Junior Spotlight: Melissa Grimmel

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The phrase “great things come in small packages” directly applies to Melissa Grimmel. Melissa might be small in stature but her presence in the livestock industry is big. Her hard work and knowledge of livestock has definitely paid off this year, as not only is she collecting banners, but she has also landed some pretty big internships. Melissa is definitely one to keep your eye on and and a perfect fit for our Junior Spotlight.

Tell us a little bit about yourself.

I grew up on my family’s grain farm in Jarrettsville, MD. We have more than 4,000 acres of corn, wheat, soybeans, barley, straw, hay, and produce in Maryland and Pennsylvania. My parents, Ed and Karen, and my four sisters, Michelle, Kristen, Lindsey, and Madelyn are the most supportive family members I could ever ask for, along with Michelle’s fiancé, Jacob Wolfrey “Wolf”, who is like my brother. He has taught me so much over the past four years and has taken Grimmel Girls Show Cattle to the next level. Wolf and Michelle take care of the animals on the East Coast while I am in Manhattan, KS, attending Kansas State University. I am a sophomore double majoring in agricultural communications and animal sciences and industry. I tell my story about agriculture through photography, writing, my blog, and painting.

How did your love of showing develop?

My older sisters began showing Hereford cattle, when they were young, because of their known docility. I, too, developed a passion for animals right away and began helping them with their heifers as soon as I could hold a brush. When I reached 4-H age, I began showing sheep and hogs because they were easier to handle. I was the first person in my family to begin showing sheep – we were all clueless. When I was nine years old, I showed my first heifer calf, a Hereford named Chloe. Since then, I have continued showing breeding heifers, market steers, market lambs, and market hogs, finishing my 4-H career this past summer on a strong note. I will continue showing Hereford heifers as a junior and helping my little sister, Madelyn, and my niece, Ella, with their livestock.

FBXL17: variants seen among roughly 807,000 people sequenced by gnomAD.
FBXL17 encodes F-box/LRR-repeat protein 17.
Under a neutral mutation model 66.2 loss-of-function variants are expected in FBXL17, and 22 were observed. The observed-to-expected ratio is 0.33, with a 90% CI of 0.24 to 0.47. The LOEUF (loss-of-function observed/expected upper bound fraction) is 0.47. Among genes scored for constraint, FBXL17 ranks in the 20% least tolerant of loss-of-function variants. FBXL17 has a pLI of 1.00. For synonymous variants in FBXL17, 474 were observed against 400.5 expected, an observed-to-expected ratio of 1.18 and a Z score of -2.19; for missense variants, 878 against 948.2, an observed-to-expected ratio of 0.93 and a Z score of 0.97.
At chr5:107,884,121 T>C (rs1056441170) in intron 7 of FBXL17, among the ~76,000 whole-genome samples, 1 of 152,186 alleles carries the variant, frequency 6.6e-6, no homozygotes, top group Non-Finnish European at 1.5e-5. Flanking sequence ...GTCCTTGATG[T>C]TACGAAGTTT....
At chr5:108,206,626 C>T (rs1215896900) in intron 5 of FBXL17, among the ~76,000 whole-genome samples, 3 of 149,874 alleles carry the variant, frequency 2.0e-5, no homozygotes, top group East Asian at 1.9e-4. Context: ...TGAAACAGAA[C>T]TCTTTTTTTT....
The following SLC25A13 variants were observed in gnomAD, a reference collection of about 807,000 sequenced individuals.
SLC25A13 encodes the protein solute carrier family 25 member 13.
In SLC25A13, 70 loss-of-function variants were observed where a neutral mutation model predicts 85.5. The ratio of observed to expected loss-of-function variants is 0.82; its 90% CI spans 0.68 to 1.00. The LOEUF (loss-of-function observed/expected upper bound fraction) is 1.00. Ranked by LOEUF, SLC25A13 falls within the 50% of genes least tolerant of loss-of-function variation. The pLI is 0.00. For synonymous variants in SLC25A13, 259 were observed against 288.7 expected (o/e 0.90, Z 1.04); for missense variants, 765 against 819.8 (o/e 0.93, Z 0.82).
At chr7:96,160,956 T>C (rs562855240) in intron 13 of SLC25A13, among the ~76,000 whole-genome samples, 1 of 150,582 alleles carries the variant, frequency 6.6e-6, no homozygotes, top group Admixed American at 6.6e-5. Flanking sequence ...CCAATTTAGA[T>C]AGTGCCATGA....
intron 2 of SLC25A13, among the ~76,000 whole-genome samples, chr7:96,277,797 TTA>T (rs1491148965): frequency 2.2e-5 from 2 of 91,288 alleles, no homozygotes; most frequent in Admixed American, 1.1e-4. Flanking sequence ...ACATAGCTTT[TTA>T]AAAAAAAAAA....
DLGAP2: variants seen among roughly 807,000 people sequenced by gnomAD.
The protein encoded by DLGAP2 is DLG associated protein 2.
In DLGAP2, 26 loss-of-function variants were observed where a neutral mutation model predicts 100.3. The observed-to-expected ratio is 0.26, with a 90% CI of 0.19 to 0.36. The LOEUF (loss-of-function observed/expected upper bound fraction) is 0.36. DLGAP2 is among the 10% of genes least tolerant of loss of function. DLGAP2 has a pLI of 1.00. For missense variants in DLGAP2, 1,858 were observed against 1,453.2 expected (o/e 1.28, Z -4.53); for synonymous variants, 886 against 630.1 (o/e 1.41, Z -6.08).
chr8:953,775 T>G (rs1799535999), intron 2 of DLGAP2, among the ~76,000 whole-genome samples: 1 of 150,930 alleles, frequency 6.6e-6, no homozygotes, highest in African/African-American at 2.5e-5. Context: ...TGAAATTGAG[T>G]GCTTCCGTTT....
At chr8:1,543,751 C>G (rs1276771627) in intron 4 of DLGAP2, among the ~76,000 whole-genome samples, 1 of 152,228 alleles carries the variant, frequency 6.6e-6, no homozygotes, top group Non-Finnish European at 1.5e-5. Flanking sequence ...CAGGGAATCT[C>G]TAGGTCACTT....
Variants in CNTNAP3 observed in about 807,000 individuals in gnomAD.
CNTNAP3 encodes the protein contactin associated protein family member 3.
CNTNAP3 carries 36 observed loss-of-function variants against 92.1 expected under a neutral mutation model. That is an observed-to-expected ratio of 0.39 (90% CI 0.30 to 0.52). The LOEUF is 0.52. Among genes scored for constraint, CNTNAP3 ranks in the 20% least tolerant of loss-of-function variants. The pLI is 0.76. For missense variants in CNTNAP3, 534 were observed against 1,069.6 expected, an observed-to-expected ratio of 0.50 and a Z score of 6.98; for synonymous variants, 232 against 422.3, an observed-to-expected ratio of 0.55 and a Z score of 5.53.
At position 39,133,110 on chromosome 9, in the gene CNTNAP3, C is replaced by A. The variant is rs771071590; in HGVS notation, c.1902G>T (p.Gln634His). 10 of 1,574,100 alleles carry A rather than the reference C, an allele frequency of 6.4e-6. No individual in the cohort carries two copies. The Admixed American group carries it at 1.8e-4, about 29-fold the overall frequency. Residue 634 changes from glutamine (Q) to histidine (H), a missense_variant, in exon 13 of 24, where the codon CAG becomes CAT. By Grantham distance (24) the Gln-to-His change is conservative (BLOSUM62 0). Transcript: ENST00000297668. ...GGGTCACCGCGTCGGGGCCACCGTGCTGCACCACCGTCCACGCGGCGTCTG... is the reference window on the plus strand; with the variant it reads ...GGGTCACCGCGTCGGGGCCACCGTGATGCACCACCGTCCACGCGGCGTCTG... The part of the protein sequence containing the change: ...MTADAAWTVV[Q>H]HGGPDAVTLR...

What have this  years wins meant to you? What are the new goals that you have set for yourself?

2013 has been by far the most exciting year for us! To start off, my family took my Hereford heifer, Caroline, to Ohio AGR Holiday Classic last December where she kicked off her show career as Champion Hereford Heifer. Caroline continued to do extremely well in the showring throughout the winter and spring and then was named Supreme Champion Heifer in the 4-H Show at the Maryland State Fair. At state fair I also won Grand Champion Market Lamb and Champion Hereford Steer with a steer my family bred ourselves. Most recently, Caroline won Supreme Champion Female at the KILE Junior Show and Grand Champion Hereford Heifer in the NAILE Junior Show.

These wins mean the world to my family and I, mainly because we have experienced being at the very bottom and worked our way up through the years. My goal has always been to show a class winner at the NAILE and/or the NWSS. This year, we definitely conquered my goal and I cannot thank Wolf and Michelle enough for taking care of Caroline and making her look her best while I am away at college.

How long have you been feeding Sure Champ and what benefits do you see from the product?

We have been feeding Sure Champ for four years. The main benefit we see is our livestock’s continuous appetite on the show road. If you have a heifer or steer that does not want to eat while you are at a show, it is very nerve-wracking. Sure Champ has helped us avoid this issue. We also have tubes of Vita Charge paste in our showbox to help settle the cattle in after a long trip to a show.

 What is one of your most memorable show moment? 

My most memorable show story has to be showing in the Supreme Champion Drive on those magical green shavings in Louisville this past November. I had never won my class at the NAILE and had shown there two times prior to this year. Usually, I am on a flight back home during the Supreme Drive. Being in the same line up with the country’s highest quality heifers and knowing that the one I was leading one of them, the one that has been in our barn since last September, was the coolest, most unexplainable feeling.

 Any show barn or showring superstitions?

I’m not really superstitious, but I use the same show stick at every single show. It is matte silver (I’m not a fan of the shiny silver ones). It has a little spot of black paint on the bottom that was accidentally sprayed on it while painting my steer at the 2012 VCCP Winter Classic right before my steer won Reserve Grand Champion Overall. Since then, it has been with me through the best moments in the show ring and I cannot seem to part with it!

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